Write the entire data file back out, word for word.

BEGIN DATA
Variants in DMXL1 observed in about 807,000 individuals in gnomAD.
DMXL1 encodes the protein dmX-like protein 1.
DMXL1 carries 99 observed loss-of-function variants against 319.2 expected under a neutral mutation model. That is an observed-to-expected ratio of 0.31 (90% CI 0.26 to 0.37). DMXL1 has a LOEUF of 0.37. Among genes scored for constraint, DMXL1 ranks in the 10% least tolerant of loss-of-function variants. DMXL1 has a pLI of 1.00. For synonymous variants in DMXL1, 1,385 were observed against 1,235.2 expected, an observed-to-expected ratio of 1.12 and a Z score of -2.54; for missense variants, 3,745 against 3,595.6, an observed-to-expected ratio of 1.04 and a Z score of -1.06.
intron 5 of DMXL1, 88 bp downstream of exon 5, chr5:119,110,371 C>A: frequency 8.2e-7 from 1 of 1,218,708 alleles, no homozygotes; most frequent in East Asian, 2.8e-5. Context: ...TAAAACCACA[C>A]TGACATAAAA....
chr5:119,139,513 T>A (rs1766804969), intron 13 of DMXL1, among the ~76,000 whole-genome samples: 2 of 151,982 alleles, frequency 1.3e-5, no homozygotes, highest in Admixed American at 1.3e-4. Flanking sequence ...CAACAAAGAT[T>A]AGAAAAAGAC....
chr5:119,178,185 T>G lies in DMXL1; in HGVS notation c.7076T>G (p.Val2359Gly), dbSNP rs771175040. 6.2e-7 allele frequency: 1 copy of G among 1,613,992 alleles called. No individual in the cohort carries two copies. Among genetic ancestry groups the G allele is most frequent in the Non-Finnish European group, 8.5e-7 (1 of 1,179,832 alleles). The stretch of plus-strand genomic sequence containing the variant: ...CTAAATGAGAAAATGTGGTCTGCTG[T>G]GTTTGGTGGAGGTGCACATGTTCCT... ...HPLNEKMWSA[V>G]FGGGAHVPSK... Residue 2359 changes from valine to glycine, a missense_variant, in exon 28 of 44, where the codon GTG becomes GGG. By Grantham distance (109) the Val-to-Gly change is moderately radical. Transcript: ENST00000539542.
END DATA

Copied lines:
Variants in DMXL1 observed in about 807,000 individuals in gnomAD.
DMXL1 encodes the protein dmX-like protein 1.
DMXL1 carries 99 observed loss-of-function variants against 319.2 expected under a neutral mutation model. That is an observed-to-expected ratio of 0.31 (90% CI 0.26 to 0.37). DMXL1 has a LOEUF of 0.37. Among genes scored for constraint, DMXL1 ranks in the 10% least tolerant of loss-of-function variants. DMXL1 has a pLI of 1.00. For synonymous variants in DMXL1, 1,385 were observed against 1,235.2 expected, an observed-to-expected ratio of 1.12 and a Z score of -2.54; for missense variants, 3,745 against 3,595.6, an observed-to-expected ratio of 1.04 and a Z score of -1.06.
intron 5 of DMXL1, 88 bp downstream of exon 5, chr5:119,110,371 C>A: frequency 8.2e-7 from 1 of 1,218,708 alleles, no homozygotes; most frequent in East Asian, 2.8e-5. Context: ...TAAAACCACA[C>A]TGACATAAAA....
chr5:119,139,513 T>A (rs1766804969), intron 13 of DMXL1, among the ~76,000 whole-genome samples: 2 of 151,982 alleles, frequency 1.3e-5, no homozygotes, highest in Admixed American at 1.3e-4. Flanking sequence ...CAACAAAGAT[T>A]AGAAAAAGAC....
chr5:119,178,185 T>G lies in DMXL1; in HGVS notation c.7076T>G (p.Val2359Gly), dbSNP rs771175040. 6.2e-7 allele frequency: 1 copy of G among 1,613,992 alleles called. No individual in the cohort carries two copies. Among genetic ancestry groups the G allele is most frequent in the Non-Finnish European group, 8.5e-7 (1 of 1,179,832 alleles). The stretch of plus-strand genomic sequence containing the variant: ...CTAAATGAGAAAATGTGGTCTGCTG[T>G]GTTTGGTGGAGGTGCACATGTTCCT... ...HPLNEKMWSA[V>G]FGGGAHVPSK... Residue 2359 changes from valine to glycine, a missense_variant, in exon 28 of 44, where the codon GTG becomes GGG. By Grantham distance (109) the Val-to-Gly change is moderately radical. Transcript: ENST00000539542.